Molly Beck, Milwaukee Journal Sentinel
MADISON - U.S. Rep. Jim Sensenbrenner wants to make it easier to identify police officers prone to brutality by creating a national registry of "bad cops" — siding with Democrats at a time of deep division over how to move forward from the suffocation death of George Floyd by a white police officer.
Sensenbrenner, a Republican who represents a deeply conservative district in southeast Wisconsin, told Floyd's brother, Philonise Floyd, during a Wednesday meeting of the House Judiciary Committee that the officer who killed his brother shouldn't have been on the Minneapolis force.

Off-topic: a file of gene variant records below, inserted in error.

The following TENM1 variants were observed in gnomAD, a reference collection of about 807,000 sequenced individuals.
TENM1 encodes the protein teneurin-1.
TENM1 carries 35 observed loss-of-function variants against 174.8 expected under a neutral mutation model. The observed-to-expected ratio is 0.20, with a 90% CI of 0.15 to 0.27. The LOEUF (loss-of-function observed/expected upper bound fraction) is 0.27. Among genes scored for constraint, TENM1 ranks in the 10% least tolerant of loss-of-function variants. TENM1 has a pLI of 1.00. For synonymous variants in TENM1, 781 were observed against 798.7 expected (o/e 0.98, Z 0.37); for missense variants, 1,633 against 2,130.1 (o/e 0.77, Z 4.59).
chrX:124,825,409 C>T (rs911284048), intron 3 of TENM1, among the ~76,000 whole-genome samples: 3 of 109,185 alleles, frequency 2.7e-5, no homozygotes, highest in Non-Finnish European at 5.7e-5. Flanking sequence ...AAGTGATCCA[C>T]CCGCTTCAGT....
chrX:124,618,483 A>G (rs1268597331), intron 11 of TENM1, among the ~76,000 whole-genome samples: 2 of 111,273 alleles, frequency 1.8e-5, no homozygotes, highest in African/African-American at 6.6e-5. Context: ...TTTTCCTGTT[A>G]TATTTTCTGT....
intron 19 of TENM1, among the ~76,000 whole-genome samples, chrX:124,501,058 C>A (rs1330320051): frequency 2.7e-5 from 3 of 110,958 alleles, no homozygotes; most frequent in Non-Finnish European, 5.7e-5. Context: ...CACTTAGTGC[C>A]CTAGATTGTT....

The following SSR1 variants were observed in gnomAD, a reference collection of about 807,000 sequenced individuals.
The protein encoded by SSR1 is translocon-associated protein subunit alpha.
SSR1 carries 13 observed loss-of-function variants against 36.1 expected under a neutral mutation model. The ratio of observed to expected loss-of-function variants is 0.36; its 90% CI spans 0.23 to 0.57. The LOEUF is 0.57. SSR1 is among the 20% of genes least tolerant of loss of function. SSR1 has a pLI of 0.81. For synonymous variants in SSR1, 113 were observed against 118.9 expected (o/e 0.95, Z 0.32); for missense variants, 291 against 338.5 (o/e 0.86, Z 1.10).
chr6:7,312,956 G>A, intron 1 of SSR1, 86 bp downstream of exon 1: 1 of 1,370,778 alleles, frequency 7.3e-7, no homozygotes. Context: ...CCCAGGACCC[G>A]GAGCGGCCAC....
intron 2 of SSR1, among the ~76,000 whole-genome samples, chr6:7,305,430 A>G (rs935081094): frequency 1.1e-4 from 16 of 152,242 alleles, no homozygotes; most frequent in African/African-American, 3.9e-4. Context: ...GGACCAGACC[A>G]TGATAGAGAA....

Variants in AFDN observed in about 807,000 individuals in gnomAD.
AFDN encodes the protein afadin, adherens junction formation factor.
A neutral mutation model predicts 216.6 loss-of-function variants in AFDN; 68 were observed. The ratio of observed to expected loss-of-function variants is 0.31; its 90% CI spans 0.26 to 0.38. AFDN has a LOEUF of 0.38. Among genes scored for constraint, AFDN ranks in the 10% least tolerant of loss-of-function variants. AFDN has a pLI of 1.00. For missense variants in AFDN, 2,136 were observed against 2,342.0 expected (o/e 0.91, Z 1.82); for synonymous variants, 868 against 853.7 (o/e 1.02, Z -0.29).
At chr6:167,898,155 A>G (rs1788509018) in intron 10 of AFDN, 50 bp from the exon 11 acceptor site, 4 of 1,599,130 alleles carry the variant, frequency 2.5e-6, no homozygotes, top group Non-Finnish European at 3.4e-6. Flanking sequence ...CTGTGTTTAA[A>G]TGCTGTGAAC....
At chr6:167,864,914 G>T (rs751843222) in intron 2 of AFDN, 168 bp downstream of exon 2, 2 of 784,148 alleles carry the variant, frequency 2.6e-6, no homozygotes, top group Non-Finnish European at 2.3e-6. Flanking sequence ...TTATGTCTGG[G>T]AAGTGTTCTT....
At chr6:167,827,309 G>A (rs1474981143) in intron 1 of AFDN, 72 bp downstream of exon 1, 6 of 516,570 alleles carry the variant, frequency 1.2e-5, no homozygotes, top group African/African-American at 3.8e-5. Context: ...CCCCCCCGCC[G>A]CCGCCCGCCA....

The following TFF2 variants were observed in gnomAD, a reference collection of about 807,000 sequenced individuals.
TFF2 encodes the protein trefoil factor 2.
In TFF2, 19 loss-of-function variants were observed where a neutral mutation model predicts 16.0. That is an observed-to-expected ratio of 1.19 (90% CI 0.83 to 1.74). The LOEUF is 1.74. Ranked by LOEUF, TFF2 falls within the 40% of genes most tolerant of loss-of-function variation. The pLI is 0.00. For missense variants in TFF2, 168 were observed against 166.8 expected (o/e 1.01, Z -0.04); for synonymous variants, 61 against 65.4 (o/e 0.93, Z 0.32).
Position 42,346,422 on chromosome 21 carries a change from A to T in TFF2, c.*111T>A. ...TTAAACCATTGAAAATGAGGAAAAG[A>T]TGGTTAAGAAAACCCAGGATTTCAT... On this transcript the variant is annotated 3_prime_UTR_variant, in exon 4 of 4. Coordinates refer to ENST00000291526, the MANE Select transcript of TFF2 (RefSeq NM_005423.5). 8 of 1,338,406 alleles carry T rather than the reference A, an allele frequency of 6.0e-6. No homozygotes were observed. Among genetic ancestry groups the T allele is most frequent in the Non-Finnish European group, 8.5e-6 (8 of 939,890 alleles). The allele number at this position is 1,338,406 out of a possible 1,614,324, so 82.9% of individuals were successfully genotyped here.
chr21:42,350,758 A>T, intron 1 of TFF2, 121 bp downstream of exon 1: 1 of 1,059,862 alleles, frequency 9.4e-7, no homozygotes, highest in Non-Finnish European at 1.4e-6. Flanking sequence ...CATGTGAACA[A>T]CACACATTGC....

"I have heard George Floyd's assailant had 16 allegations of misconduct against him. Why was he still on the force?" Sensenbrenner said. "That was just an invitation for more misconduct. And unfortunately, Mr. Floyd, your brother ended up being the victim of that."
At least 17 complaints in 19 years were filed against Derek Chauvin, the Minneapolis police officer who knelt on George Floyd's neck for nearly nine minutes as Floyd said he couldn't breathe and pleaded for his mother. At the time of Floyd's death, Chauvin worked as a training officer for new recruits.
Sensenbrenner, who is retiring this year after more than four decades in Congress, mostly took aim at police unions, however, blaming them for what he described as a slow and typically ineffective process to discipline or rid police departments of officers who are likely to harm more than help the public.